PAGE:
The Science of Sewers

As Year 7 filed into the hall for a special presentation by Severn Trent Water they were surprised to see an inflatable toilet and bath on the stage as well as a mock-up drain and various pipes.  Presenting the event was Sharan Gill who was keen to get started on her topic of water, especially wastewater!

Photo by Giorgio Trovato on

The hour-long session began with a quick overview of the history of Severn Trent Water and about the large community the company serves.  From there, students were shown how wastewater is collected and transferred from toilets and sinks and on to the sewage treatment plants though pipes and drains.  Sharan had examples of water pipes with her, referring to them throughout the presentation.  Students learnt that it takes Severn Trent Water 24 hours to treat their dirty toilet and bath water and reintroduce it cleaned back into the surrounding natural waterways.  During a clip of a sewage treatment plant there were many moans, groans and cries of, “Urgh, that’s gross!” from the audience.

Certified ‘Fine to Flush’ logo

The topic turned to what should and should not be flushed down the toilet.  There followed a question-and-answer session as suggestions were made of what was safe to flush.  As a helpful guide, Sharon advised using the Severn Trent 3Ps Rule: “Pee, Poo and (toilet) Paper” to prevent blockages and that anything natural and human is safe.  One student questioned if flushable wipes were OK to flush as they are not natural.  Sharan was impressed with this question and explained the difference between wipes labelled as ‘flushable toilet wipes’ and those marked as ‘fine to flush’.  Most wipes labelled ‘Flushable Toilet Wipes’ contain plastic and are not suitable for flushing.  ‘Fine to flush wipes are certified 100% biodegradable and contain no plastic and can be flushed.  Students were told to look out for the special logo if they wish to use wipes. “Anything that does not dissolve within five minutes should not go down the loo,” said Sharan.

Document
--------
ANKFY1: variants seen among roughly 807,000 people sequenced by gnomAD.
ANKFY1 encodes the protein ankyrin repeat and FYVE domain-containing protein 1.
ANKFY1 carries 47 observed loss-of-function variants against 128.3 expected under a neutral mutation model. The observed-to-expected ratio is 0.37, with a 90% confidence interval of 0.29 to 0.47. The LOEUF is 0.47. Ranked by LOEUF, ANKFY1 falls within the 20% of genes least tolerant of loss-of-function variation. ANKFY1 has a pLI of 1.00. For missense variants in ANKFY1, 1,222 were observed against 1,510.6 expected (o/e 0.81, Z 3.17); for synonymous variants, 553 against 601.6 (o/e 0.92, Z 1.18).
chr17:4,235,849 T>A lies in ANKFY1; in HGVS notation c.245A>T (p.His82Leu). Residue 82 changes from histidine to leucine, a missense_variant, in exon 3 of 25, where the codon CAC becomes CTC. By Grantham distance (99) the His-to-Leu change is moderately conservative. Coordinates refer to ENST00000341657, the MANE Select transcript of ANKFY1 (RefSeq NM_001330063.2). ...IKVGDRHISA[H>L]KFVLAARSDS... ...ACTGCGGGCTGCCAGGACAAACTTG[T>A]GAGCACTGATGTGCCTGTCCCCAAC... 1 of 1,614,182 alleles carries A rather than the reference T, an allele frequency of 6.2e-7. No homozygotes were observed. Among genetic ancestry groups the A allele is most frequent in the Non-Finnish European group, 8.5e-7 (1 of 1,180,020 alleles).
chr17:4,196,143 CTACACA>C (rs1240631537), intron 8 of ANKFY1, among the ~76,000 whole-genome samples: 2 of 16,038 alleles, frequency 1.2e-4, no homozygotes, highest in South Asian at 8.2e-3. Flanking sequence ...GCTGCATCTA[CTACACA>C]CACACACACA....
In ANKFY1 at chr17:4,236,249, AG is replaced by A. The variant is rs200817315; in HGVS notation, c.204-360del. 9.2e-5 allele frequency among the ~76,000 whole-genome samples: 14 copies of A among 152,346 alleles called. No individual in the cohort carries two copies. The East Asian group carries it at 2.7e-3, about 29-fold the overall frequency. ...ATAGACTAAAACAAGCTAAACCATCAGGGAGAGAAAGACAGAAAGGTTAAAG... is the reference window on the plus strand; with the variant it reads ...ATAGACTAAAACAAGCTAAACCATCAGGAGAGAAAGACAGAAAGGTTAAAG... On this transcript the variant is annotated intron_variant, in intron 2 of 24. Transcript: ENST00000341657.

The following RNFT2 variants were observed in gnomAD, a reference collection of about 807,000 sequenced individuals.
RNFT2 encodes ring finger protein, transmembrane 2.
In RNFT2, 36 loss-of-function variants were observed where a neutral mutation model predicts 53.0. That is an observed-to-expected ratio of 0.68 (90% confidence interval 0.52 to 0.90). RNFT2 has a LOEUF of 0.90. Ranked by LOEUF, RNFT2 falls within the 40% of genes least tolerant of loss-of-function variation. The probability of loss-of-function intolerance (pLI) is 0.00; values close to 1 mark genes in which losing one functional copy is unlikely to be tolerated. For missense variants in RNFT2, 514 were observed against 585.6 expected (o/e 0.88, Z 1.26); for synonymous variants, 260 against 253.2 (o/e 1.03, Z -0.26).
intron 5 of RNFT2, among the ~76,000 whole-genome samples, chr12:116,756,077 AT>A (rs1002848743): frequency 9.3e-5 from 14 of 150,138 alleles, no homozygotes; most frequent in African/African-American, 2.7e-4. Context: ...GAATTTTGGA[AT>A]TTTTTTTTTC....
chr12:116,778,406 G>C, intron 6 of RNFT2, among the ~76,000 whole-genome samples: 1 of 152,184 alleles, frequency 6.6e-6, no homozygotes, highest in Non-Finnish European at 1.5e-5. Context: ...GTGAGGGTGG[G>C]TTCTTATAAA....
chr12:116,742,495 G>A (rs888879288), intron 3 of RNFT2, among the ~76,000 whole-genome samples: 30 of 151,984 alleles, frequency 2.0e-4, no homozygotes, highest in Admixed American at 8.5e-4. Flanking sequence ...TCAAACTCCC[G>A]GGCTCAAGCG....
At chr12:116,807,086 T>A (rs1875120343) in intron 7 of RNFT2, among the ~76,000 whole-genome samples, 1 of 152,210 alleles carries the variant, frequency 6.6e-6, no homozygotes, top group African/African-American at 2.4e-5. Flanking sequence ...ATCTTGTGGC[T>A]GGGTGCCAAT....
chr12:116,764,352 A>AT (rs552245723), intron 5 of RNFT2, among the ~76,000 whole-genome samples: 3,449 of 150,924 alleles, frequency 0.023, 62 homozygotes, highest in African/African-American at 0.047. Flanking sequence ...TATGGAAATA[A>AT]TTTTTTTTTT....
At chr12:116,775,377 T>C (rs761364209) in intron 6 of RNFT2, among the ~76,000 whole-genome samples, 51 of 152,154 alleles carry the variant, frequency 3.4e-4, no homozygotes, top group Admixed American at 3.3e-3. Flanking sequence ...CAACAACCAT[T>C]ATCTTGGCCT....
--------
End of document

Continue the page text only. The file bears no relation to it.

One highlight of the assembly was when student George was invited to the school stage, where there was a huge, inflatable toilet, sink and pipe system.  George was asked to put his hand into the pipe system to unblock the pipe.  He pulled out a half a kilo of fat from the pipe – it was fake or course, but it certainly looked and wobbled like the real thing.  With an explanation that fat, oil and grease (FOG) was largely responsible for this, the presenter said: “When oil is in the house, it’s warm and liquid but underground and in the cold pipes and cold water it turns solid and blocks pipes.  It can clog together into very large fatbergs.  Oils and fats must go in the bin.”

Unfortunately, this embarrassed Miss Lancaster as she realised that she had been doing it wrong all these years.  “I knew I shouldn’t put oil down the sink as it could solidify, but I’ve never really known what to do with it so did anyway!  I know now that it must go into the bin once it has cooled.”

Sharan finished the session by discussing possible water industry career options with students, everything from engineering, customer support, planning, education teams and much more.

Miss Lancaster said: “What an excellent opportunity for our students to have a hands-on learning experience, outside of the classroom, with links to topics in geography and science that the students have been studying and encouraging them to think about their local and school environment.  We are very grateful to Sharan from Severn Trent Water, for visiting us”.